Growth of salmonella enterica serovars typhimurium and enteritidis in iron-poor media and in meat: Role of catecholate and hydroxamate siderophore transporters
Chekabab, S.M., Rehman, M.A., Yin, X., Carrillo, C., Mondor, M., Diarra, M.S. (2019). Growth of salmonella enterica serovars typhimurium and enteritidis in iron-poor media and in meat: Role of catecholate and hydroxamate siderophore transporters, 82(4), 548-560. http://dx.doi.org/10.4315/0362-028X.JFP-18-371
Plain language summary
Iron is an essential mineral for the growth and survival of both Salmonella Enteritidis and Typhimurium which are two majors causes of salmonellosis disease in Canada. In this study, we deleted components of two iron uptake systems of both Enteritidis and Typhimurium to evaluate their impact on growth and survival in various iron-content environments. Our results showed that partial or complete deletion of the studied iron uptake systems did not abolished growth of Salmonella in an iron rich environment. However, in an iron-restricted medium similar to that found in hosts (human and chicken), the partial or complete removal of investigated iron uptake systems affected differently the growth of Enteritidis and Typhimurium with Enteritidis being the most affected by deletion. The lack of the two iron systems did not impact the susceptibility of Enteritidis or Typhimurium to antibiotic however, their ability to use specific iron scavenging agents to fulfill their iron need was significantly reduced. We demonstrated that removal of specific iron systems alone or in combination did not abolish the survival of Salmonella in chicken breast meat which is rich in iron. Thus, our data suggest that iron content of chicken meat should be taken account when developing an iron chelation-based method as a preservative method against Salmonella. This work deals with important food safety issues and underlines the importance of monitoring the survival of Salmonella in chicken meat with respect to designing effective control strategies for the food protection.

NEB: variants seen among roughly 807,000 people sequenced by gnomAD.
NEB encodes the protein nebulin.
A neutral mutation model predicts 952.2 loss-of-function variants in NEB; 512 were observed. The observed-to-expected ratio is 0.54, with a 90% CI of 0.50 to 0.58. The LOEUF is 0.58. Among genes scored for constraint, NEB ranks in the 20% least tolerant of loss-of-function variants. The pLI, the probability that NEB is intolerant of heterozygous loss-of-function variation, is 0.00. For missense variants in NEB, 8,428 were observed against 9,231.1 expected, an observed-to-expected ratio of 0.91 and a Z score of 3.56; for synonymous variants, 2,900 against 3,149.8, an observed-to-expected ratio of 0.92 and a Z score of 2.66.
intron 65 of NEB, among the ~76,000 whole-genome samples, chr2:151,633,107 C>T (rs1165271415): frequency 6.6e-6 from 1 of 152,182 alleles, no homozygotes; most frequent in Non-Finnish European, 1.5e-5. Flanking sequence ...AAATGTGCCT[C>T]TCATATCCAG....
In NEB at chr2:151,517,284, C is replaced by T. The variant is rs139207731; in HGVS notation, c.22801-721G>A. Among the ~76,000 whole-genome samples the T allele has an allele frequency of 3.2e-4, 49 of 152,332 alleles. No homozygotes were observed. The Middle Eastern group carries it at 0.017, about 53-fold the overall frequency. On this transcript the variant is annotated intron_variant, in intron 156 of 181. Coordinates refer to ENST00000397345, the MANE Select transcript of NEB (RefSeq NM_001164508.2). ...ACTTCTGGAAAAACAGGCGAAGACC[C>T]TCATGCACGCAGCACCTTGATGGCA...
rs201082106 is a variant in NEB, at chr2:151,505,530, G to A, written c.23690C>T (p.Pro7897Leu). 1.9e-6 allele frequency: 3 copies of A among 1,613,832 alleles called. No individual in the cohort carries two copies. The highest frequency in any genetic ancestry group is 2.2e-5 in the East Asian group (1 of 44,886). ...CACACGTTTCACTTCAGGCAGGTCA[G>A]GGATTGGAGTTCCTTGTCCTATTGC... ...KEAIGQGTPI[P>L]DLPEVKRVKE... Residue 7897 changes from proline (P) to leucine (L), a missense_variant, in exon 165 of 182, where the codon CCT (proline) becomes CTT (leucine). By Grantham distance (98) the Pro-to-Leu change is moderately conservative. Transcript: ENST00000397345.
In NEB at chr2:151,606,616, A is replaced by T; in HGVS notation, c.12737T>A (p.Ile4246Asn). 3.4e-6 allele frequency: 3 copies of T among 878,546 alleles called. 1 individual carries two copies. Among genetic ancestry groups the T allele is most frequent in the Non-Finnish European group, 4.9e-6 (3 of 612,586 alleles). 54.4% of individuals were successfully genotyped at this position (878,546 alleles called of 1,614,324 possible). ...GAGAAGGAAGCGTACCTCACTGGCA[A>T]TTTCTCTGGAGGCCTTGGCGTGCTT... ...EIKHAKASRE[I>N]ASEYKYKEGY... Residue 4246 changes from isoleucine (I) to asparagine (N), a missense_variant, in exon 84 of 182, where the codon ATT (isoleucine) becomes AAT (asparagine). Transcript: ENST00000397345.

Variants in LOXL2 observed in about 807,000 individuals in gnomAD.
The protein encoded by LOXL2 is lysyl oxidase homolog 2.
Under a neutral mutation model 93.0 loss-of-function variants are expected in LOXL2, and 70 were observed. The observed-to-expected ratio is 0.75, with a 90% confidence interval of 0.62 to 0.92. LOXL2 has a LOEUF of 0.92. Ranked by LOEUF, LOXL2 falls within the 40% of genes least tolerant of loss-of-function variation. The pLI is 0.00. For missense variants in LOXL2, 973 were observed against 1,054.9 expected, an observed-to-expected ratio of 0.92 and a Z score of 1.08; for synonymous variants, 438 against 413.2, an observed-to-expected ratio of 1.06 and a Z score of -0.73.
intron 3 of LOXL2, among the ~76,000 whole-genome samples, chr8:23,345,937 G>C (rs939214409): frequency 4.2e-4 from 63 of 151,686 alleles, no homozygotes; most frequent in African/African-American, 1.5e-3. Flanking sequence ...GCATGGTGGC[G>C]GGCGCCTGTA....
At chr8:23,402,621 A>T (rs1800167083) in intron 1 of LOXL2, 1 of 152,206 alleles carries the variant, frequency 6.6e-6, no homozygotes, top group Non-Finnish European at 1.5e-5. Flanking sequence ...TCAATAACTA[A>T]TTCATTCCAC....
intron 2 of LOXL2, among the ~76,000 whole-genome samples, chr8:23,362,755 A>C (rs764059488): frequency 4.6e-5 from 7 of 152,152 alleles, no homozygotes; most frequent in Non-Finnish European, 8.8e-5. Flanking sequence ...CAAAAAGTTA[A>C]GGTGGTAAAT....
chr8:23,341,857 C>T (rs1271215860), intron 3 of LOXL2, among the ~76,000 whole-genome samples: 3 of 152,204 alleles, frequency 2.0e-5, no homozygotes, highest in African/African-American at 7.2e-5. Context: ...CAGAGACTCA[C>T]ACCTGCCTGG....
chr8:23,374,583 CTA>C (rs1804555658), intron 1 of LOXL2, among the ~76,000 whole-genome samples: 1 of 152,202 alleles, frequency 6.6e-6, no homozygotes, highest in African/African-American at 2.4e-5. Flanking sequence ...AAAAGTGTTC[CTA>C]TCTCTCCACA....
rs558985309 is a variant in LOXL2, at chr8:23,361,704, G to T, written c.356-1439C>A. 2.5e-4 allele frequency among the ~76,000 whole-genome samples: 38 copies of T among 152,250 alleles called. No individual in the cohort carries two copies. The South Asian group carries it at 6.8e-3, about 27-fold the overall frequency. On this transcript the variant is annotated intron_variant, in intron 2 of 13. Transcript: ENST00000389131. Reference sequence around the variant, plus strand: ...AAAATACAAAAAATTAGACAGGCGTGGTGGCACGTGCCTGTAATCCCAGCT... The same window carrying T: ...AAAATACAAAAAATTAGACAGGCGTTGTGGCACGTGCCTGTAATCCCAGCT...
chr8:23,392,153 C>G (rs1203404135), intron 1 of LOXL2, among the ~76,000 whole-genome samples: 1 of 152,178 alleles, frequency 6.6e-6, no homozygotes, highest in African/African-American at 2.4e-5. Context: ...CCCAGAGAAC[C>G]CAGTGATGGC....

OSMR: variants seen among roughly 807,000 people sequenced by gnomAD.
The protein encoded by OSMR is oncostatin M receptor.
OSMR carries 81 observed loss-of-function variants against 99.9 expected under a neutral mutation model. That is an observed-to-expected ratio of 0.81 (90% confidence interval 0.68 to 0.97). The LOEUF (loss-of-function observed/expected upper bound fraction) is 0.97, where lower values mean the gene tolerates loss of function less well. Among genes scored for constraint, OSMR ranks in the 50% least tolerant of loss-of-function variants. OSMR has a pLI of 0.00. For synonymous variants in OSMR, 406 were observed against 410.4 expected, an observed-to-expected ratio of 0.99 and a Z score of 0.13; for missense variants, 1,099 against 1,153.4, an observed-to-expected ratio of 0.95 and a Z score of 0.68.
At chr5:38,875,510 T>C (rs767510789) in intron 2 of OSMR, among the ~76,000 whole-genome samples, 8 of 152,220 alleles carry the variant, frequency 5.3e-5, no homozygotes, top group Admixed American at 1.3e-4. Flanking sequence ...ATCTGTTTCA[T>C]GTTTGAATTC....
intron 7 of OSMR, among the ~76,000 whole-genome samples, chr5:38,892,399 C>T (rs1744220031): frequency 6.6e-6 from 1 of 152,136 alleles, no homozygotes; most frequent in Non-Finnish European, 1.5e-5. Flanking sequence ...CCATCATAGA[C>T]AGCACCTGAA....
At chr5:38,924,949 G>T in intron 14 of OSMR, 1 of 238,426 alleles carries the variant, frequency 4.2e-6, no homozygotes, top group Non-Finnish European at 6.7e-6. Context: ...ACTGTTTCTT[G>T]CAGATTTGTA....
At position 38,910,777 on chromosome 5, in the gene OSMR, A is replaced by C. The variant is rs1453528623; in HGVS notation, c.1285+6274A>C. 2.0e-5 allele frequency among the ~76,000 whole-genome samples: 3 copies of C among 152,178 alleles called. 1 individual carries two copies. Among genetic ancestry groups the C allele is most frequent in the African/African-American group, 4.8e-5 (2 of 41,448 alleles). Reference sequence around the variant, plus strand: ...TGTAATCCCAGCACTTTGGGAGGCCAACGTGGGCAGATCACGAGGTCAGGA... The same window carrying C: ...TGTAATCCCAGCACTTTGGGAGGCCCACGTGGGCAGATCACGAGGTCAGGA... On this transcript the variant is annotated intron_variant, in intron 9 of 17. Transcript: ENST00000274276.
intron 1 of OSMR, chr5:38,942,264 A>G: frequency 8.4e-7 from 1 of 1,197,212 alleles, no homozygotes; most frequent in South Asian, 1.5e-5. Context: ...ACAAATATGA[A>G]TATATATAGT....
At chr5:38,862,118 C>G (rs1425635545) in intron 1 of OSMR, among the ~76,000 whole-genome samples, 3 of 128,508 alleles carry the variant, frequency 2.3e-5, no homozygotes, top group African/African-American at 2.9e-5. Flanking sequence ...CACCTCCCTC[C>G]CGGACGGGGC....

© 2018, International Association for Food Protection. All rights reserved. Enteritidis and Typhimurium are among the top Salmonella enterica serovars implicated in human salmonellosis worldwide. This study examined the individual and combined roles of catecholate-iron and hydroxamate-iron transporters in the survival in meat of Salmonella Enteritidis and Typhimurium. Catecholate–iron-III (Fe 3þ ) and hydroxamate-Fe 3þ transporter genes fepA, iroN, and fhuACDB were deleted in isolates of these serovars to generate single, double, and triple mutants. Growth rate in high-and low-iron media was compared among mutants, complements, and their wild-type parents. Susceptibility to 14 antibiotics, the ability to produce and utilize siderophores, and survival on cooked chicken breast were evaluated. In iron-poor liquid media, differences were observed between the growth characteristics of mutant Salmonella Enteritidis and Typhimurium. The double ΔiroNΔfepA and the triple ΔfhuΔiroNΔfepA mutants of Salmonella Enteritidis exhibited prolonged lag phases (λ ¼ 9.72 and 9.53 h) and a slow growth rate (μ max ¼ 0.35 and 0.25 h 1 ) similar to that of its ΔtonB mutant (λ ¼ 10.12 h and μ max ¼ 0.30 h 1 ). In Salmonella Typhimurium, double ΔiroNΔfepA and triple ΔfhuΔiroNΔfepA mutations induced a similar growth pattern as its ΔtonB mutant. Double deletions of fepA and iroN reduced the siderophore production and the use of enterobactin as an iron source. In the ΔiroNΔfepA mutant, but not in ΔfhuΔiroNΔfepA, the ferrichrome or deferrioxamine promoted growth for both serovars, confirming the specific role of the FhuACDB system in the uptake and transport of hydroxamate Fe 3þ . Survival of the mutants was also evaluated in a meat assay, and no difference in survival was observed among the mutants compared with wild type. This study showed differences between serovars in the importance of catecholate-iron and hydroxamate-iron uptake on Salmonella growth in iron-restricted media. Data also confirmed that both Salmonella Enteritidis and Typhimurium are well equipped to survive on cooked chicken meat, offering a rich iron condition.